In recent years NASA has tied up with several large and small organizations and supported many more using Small Business Innovation Research (SBIR) that came up with additive manufacturing projects. These projects aimed to make the lives of astronauts in space easier, and also printing different satellites that mission to other celestial bodies.

In January of 2015, NASA collaborated with Made in Space Inc. onboard the International Space Station (ISS) to demonstrate the functionality of a customized 3D printer. With the new 3D printer at the International Space Station, astronauts could 3D print objects by themselves. This printer was sturdier compared to its competitor machines such as Spiders or Archinaut. It was designed to withstand severe conditions like pressure, vacuum, or the temperature variation in space.

In that project, a 3D printer was created by Made in Space whose aim was to create supplies in space instead of procuring them from Earth. Previous to this discovery of instant supplies in space, scientists had a constraint on space missions owing to the distance and term of stay. The absence of a supply chain from Earth to interplanetary space made it a necessity to embrace in-space product creation using additive manufacturing.

NASA tested several existing 3D printers in simulated microgravity in 2011, through its Flight Opportunities Program and found that they were well-suited to a zero-gravity environment.

Made in Space and the Archinaut 3D printer

Made in Space collaborated with NASA to create a 3D printer inside of the International Space Station (ISS). This 3D printer, Archinaut, can print an entire satellite outside of the station. NASA joined hands with this organization to create this impressive machine amped up with a 3D printer, robotic arms, etc.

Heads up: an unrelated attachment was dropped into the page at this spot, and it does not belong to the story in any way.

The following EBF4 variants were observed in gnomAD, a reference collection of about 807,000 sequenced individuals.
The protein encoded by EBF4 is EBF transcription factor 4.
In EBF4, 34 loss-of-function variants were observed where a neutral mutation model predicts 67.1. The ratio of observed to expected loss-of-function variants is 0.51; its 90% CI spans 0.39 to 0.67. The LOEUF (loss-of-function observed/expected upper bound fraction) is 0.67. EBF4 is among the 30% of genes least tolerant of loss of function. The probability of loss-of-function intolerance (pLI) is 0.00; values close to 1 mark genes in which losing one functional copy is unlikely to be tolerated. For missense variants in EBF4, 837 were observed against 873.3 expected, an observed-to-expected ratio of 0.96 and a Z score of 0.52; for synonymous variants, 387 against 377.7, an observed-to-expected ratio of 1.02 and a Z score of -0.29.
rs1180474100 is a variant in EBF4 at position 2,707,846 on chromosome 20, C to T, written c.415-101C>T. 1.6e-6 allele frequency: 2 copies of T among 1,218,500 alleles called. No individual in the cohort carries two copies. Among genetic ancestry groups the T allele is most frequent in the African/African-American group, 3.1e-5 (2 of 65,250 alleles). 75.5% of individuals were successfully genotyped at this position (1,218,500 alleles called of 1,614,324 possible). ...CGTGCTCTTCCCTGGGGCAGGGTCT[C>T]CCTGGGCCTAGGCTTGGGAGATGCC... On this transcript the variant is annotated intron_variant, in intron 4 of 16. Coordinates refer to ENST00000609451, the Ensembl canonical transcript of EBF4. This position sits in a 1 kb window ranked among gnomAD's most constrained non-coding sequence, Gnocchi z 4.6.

This machine was a savior for astronauts for it could create things that could not be transported. It also challenged the absence of gravity and built satellites directly in space. The Archinaut system was capable of servicing existing satellites.

This project in additive manufacturing technology took NASA several years ahead in the future.

Challenges in 3D Printing For Space

The interplanetary space has an entirely different environment from what we have on Earth. Thus, it is challenging to conduct additive manufacturing in space just the same way we do it on earth. Space scientists had a hard time designing a 3D printer that can work with equal efficacy in a zero-gravity environment.

The devices are designed to manufacture an object in the vacuum of space.

Additive manufacturing technology in orbit is a radically unconventional experience. Starting from the printing material, corrosion resistivity, and other characteristics have a sea change from traditional ones. The printing material has a big role to play in producing the equipment which can be comfortably used in space.

All possible solutions for 3D printing in space are yet to be discovered. Scientists are working tirelessly to modify this technology in such a way that all challenges with 3D printing in space can be resolved.

Wrapping Up

There is a lot of research and exploration left in the field of 3D printing for space equipment. Technology always finds its way to serve humanity. As the most intelligent species, we need to make use of these 3D printing machines and figure out how the astronauts can utilize them to procure something of their need.

More and more companies are growing by the day who are engineering these 3D printers. Startups and coming up with brilliant projects on additive manufacturing in space. With the cooperation of NASA and these organizations, one day, man can do much more in space than he ever thought of.